• Schools’ responsibility and authority to act
      • In general, a school’s responsibility to maintain a safe educational environment justifies a measure of authority over off-premises and student after-hours conduct.
      • A school’s focus should be on whether the misconduct has an adverse impact on the educational function of the school rather than when or where that misconduct took place.
  • Decisions about inappropriate and unlawful conduct
      • Identifying whether problematic conduct is inappropriate or unlawful will have a significant impact on a school’s response. For example, if a criminally unlawful act has occurred, the Police should be contacted directly for advice
  • Identifying those involved in an incident
      • Identifying those involved in an incident is central to its effective management.
      • To help this process schools can:
        • make a record of all available information and seek specialist advice from NetSafe if required
        • look for relationships between online and offline behaviour including trying to identify digital bystanders to an incident.
  • Ownership of digital technology and information
      • School and student property are managed differently so a sound understanding of the ownership of digital technology and the content generated by students in curriculum delivery is necessary.
      • Generally, the devices in a Bring Your Own Device (BYOD) schemes are either the property of the student or the leasing company, not the school.
      • Generally, students own the copyright of any original work they create at school regardless of who owns the device it was created on.
  • Using social media and other online services in teaching and learning
      • Social media and other online services provide a range of tools that can be used to support innovative teaching practices and promote learning.
      • It is recommended that schools develop specific policies for the use of online services in teaching and learning. These could include:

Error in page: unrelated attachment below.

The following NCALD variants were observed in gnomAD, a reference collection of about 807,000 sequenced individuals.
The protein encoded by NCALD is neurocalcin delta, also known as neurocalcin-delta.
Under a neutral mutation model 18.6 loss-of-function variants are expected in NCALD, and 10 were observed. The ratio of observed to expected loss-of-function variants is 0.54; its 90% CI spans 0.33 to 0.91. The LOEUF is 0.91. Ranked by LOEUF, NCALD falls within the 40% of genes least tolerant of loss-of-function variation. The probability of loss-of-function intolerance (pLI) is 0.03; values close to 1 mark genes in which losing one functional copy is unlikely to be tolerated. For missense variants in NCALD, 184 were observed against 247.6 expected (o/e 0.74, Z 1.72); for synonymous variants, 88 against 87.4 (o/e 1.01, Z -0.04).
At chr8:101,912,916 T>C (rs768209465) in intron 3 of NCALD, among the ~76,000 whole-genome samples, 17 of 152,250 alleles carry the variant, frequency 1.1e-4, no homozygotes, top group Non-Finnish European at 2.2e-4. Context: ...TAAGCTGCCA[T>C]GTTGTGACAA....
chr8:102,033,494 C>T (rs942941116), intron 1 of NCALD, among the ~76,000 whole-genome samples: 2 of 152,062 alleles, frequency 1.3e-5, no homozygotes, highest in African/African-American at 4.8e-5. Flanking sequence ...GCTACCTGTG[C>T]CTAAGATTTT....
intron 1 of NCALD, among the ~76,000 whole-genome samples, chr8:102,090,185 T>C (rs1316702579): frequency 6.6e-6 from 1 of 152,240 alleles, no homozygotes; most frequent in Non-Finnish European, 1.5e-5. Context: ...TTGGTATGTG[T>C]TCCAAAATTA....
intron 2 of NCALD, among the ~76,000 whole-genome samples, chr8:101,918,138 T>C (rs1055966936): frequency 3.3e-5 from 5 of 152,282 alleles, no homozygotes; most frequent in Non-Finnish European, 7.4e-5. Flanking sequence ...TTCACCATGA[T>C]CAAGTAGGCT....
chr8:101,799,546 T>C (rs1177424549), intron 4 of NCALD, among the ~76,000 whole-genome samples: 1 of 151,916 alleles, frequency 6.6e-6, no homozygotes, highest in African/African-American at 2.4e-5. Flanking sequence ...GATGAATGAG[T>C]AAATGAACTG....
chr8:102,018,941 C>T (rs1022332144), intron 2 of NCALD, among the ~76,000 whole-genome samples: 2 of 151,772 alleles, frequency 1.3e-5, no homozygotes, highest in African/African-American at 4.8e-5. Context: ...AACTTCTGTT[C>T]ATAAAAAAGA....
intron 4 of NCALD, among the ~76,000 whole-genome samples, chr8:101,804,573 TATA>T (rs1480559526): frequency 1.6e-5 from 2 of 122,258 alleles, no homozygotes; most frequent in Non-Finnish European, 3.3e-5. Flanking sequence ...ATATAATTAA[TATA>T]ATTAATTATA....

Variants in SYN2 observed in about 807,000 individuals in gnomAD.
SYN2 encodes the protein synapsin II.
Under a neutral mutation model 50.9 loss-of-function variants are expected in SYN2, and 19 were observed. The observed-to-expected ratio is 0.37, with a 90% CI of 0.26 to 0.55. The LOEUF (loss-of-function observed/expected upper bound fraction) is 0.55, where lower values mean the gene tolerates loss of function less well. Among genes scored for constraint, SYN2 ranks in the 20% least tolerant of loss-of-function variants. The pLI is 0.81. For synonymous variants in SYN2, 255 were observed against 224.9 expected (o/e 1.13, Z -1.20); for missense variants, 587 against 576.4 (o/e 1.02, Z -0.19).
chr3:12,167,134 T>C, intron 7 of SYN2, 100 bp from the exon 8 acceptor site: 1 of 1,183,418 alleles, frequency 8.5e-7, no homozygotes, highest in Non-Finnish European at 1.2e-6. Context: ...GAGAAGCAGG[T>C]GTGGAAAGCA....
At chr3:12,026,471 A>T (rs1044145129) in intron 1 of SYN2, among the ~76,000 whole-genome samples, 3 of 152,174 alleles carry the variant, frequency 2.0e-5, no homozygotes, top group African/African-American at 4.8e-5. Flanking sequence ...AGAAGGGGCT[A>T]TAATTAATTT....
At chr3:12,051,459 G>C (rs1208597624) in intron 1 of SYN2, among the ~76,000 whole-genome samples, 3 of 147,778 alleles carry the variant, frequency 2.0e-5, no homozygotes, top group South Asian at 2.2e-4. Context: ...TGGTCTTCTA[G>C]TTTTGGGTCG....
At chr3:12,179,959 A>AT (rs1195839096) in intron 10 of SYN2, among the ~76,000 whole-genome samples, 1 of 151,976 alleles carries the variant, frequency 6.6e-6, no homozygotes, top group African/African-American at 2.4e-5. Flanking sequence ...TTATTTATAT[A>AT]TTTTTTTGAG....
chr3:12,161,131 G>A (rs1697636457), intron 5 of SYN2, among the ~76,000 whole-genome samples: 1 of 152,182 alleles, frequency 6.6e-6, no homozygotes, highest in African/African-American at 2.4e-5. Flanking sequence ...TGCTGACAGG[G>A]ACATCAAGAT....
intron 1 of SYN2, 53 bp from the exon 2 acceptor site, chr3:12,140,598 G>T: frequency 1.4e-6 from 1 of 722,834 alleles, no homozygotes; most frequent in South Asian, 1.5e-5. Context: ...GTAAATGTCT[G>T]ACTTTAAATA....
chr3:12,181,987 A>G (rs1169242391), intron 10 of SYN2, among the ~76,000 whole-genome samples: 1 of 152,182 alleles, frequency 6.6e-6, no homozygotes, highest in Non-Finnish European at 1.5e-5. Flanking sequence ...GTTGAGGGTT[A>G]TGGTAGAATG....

• account ownership
        • content ownership
        • privacy
        • guiding students' online behaviour
  • Surrender, deletion and retention
    • Surrender and retention

      • Searching for digital information is a specialist activity. The New Zealand Police are the only authorised agency to conduct such a search.
      • Teachers and authorised staff should not request any means of authentication that would enable access to the device or online service belonging to a student.
      • Storing a digital device involves both securing it physically and electronically.
      • Before handling a device it should, if it has the functionality, be locked by the student prior to them surrendering the device.

      Requesting the deletion or surrender of digital information

      • A request made to a student for them to delete digital information from a device or website may not be effective.
      • Social media service providers will generally remove problematic content from their service depending on whether or not it has breached their Terms & Conditions. Schools can contact providers directly to request content removal but are advised to contact NetSafe first.
      • It is not possible to surrender digital information independently of a device.